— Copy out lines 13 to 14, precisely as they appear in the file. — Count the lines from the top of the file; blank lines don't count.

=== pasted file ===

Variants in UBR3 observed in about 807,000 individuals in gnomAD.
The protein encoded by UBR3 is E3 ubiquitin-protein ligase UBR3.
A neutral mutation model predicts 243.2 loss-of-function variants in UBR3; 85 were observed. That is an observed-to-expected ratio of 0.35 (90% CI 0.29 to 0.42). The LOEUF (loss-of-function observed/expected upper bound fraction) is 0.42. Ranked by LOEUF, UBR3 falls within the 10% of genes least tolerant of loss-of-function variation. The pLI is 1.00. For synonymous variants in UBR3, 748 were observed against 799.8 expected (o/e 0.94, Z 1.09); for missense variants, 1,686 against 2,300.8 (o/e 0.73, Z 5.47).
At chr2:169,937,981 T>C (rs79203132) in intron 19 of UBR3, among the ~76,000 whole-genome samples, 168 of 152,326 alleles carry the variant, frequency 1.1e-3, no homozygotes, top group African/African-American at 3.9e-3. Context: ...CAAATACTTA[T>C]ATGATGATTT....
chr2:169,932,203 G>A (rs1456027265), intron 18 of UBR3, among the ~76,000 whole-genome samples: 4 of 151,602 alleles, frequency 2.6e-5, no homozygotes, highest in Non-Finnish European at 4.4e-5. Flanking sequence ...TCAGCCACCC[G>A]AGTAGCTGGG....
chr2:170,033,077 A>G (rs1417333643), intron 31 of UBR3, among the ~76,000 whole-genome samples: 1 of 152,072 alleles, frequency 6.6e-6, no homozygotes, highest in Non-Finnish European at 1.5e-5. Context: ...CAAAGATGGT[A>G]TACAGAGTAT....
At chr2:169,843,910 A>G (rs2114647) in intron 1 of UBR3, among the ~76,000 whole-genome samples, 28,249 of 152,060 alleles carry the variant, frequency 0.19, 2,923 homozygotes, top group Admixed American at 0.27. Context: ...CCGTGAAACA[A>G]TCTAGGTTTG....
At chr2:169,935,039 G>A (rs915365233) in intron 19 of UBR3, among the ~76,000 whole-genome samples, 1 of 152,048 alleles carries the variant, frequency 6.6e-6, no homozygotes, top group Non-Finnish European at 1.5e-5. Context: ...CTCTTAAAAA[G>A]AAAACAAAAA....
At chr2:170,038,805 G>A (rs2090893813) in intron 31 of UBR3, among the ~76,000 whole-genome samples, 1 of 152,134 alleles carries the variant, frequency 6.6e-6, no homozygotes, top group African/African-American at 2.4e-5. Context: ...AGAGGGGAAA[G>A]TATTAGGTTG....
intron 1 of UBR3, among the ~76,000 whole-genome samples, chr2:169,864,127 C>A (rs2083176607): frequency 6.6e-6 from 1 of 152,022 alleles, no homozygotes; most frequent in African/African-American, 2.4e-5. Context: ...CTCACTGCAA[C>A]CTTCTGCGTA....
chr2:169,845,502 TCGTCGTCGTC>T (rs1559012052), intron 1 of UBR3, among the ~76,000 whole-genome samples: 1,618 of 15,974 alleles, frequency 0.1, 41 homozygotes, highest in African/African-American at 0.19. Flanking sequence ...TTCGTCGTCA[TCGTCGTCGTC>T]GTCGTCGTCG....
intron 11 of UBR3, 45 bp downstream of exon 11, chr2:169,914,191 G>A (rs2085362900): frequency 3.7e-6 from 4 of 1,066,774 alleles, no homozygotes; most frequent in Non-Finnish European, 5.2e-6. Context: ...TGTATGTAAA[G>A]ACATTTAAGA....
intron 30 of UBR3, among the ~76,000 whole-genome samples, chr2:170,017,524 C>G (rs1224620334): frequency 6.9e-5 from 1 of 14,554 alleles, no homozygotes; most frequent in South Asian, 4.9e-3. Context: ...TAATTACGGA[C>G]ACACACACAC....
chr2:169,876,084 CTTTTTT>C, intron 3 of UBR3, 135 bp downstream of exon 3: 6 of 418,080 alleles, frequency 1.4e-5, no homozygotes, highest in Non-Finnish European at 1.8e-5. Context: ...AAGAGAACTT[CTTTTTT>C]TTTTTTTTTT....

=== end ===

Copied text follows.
intron 30 of UBR3, among the ~76,000 whole-genome samples, chr2:170,017,524 C>G (rs1224620334): frequency 6.9e-5 from 1 of 14,554 alleles, no homozygotes; most frequent in South Asian, 4.9e-3. Context: ...TAATTACGGA[C>G]ACACACACAC....
chr2:169,876,084 CTTTTTT>C, intron 3 of UBR3, 135 bp downstream of exon 3: 6 of 418,080 alleles, frequency 1.4e-5, no homozygotes, highest in Non-Finnish European at 1.8e-5. Context: ...AAGAGAACTT[CTTTTTT>C]TTTTTTTTTT....